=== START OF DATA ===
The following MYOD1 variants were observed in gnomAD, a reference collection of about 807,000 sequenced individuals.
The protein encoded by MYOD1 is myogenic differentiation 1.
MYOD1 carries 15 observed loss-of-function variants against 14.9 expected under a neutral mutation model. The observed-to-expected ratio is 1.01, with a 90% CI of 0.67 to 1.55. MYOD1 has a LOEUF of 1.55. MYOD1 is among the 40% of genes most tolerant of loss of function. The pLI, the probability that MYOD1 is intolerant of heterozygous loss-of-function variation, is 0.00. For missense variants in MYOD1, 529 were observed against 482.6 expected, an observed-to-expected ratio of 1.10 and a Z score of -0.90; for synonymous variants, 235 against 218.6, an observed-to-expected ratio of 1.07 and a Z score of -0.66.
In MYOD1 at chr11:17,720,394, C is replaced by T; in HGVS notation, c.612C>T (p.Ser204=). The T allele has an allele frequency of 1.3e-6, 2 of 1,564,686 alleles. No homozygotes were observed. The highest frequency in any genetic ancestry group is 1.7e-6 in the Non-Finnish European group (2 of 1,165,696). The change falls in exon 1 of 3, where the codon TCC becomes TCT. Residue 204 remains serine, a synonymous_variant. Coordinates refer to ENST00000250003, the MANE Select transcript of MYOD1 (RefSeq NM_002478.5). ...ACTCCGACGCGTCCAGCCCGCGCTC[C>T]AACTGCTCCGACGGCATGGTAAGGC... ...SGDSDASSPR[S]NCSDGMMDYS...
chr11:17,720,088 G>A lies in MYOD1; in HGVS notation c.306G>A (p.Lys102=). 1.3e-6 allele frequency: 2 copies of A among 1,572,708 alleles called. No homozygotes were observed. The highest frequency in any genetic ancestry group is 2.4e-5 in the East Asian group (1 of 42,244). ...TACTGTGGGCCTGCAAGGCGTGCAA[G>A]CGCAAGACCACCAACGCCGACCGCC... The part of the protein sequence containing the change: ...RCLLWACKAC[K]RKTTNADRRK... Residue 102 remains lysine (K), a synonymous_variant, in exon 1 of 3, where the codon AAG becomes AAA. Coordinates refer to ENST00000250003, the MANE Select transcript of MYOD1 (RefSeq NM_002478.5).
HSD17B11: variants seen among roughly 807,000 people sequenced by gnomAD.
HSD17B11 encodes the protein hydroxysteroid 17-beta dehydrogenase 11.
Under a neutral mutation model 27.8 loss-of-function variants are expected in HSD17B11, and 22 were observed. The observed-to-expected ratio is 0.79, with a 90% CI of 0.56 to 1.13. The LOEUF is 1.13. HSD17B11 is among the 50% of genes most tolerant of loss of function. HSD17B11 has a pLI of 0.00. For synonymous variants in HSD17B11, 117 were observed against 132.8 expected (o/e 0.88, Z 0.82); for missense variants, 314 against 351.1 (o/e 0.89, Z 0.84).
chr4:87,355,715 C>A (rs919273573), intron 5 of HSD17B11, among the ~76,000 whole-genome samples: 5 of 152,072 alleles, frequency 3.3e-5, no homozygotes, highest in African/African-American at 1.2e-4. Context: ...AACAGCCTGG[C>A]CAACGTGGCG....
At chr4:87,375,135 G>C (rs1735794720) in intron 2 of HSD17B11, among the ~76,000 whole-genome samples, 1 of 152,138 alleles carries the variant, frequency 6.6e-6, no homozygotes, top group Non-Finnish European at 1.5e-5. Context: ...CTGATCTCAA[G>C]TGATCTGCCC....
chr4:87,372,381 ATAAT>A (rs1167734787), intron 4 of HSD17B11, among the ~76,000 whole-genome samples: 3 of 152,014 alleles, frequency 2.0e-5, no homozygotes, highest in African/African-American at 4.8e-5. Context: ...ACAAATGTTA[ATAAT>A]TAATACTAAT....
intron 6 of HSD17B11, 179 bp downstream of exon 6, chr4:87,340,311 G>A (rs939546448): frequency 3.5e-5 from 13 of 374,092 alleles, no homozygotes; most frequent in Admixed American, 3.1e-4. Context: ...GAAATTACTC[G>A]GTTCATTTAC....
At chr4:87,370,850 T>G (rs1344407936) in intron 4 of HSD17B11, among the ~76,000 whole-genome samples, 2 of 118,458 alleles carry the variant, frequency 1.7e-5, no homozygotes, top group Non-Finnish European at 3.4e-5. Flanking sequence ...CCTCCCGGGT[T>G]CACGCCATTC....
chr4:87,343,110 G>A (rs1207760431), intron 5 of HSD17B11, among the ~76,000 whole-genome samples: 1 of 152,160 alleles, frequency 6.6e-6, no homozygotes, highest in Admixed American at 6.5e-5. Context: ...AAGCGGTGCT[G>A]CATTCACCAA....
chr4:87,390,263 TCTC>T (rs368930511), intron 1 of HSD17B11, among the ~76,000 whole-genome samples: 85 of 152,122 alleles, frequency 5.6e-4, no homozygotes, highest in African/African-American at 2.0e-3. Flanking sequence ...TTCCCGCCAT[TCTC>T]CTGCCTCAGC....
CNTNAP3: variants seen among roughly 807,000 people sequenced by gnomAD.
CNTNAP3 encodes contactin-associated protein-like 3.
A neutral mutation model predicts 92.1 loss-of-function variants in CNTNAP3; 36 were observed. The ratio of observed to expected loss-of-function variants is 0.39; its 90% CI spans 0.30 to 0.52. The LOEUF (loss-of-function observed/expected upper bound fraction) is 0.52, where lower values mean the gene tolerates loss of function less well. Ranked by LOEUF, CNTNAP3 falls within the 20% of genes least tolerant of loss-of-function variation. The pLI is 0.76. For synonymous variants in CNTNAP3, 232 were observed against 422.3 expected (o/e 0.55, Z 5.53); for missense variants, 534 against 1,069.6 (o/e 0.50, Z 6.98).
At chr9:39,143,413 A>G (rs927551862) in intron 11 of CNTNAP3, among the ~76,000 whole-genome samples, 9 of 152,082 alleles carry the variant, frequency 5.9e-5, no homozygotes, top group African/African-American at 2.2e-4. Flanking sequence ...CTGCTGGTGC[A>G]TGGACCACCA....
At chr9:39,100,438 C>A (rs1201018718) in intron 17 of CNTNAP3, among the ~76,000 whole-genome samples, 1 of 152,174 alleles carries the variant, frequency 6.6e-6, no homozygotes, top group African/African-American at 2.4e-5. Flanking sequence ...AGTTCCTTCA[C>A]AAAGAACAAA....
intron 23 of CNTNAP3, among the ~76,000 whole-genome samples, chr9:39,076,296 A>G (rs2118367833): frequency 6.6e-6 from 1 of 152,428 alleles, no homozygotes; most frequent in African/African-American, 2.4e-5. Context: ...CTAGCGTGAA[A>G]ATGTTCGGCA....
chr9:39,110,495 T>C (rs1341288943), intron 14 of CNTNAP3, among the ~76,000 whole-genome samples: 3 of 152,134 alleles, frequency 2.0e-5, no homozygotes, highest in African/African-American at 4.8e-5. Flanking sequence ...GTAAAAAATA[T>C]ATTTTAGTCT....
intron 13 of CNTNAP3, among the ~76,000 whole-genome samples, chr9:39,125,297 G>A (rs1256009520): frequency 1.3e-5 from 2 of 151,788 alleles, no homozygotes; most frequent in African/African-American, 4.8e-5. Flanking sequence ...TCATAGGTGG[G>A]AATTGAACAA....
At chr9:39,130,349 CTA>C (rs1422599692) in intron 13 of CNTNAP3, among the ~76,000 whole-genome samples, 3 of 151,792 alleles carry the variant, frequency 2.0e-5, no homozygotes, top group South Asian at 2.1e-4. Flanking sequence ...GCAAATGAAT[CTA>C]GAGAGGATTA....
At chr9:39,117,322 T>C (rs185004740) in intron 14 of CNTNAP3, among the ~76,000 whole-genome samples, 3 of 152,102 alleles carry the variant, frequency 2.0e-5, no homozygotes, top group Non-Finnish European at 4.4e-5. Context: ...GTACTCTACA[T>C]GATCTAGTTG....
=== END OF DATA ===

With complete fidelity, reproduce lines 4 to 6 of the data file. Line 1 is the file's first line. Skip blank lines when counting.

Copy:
In MYOD1 at chr11:17,720,394, C is replaced by T; in HGVS notation, c.612C>T (p.Ser204=). The T allele has an allele frequency of 1.3e-6, 2 of 1,564,686 alleles. No homozygotes were observed. The highest frequency in any genetic ancestry group is 1.7e-6 in the Non-Finnish European group (2 of 1,165,696). The change falls in exon 1 of 3, where the codon TCC becomes TCT. Residue 204 remains serine, a synonymous_variant. Coordinates refer to ENST00000250003, the MANE Select transcript of MYOD1 (RefSeq NM_002478.5). ...ACTCCGACGCGTCCAGCCCGCGCTC[C>T]AACTGCTCCGACGGCATGGTAAGGC... ...SGDSDASSPR[S]NCSDGMMDYS...
chr11:17,720,088 G>A lies in MYOD1; in HGVS notation c.306G>A (p.Lys102=). 1.3e-6 allele frequency: 2 copies of A among 1,572,708 alleles called. No homozygotes were observed. The highest frequency in any genetic ancestry group is 2.4e-5 in the East Asian group (1 of 42,244). ...TACTGTGGGCCTGCAAGGCGTGCAA[G>A]CGCAAGACCACCAACGCCGACCGCC... The part of the protein sequence containing the change: ...RCLLWACKAC[K]RKTTNADRRK... Residue 102 remains lysine (K), a synonymous_variant, in exon 1 of 3, where the codon AAG becomes AAA. Coordinates refer to ENST00000250003, the MANE Select transcript of MYOD1 (RefSeq NM_002478.5).
HSD17B11: variants seen among roughly 807,000 people sequenced by gnomAD.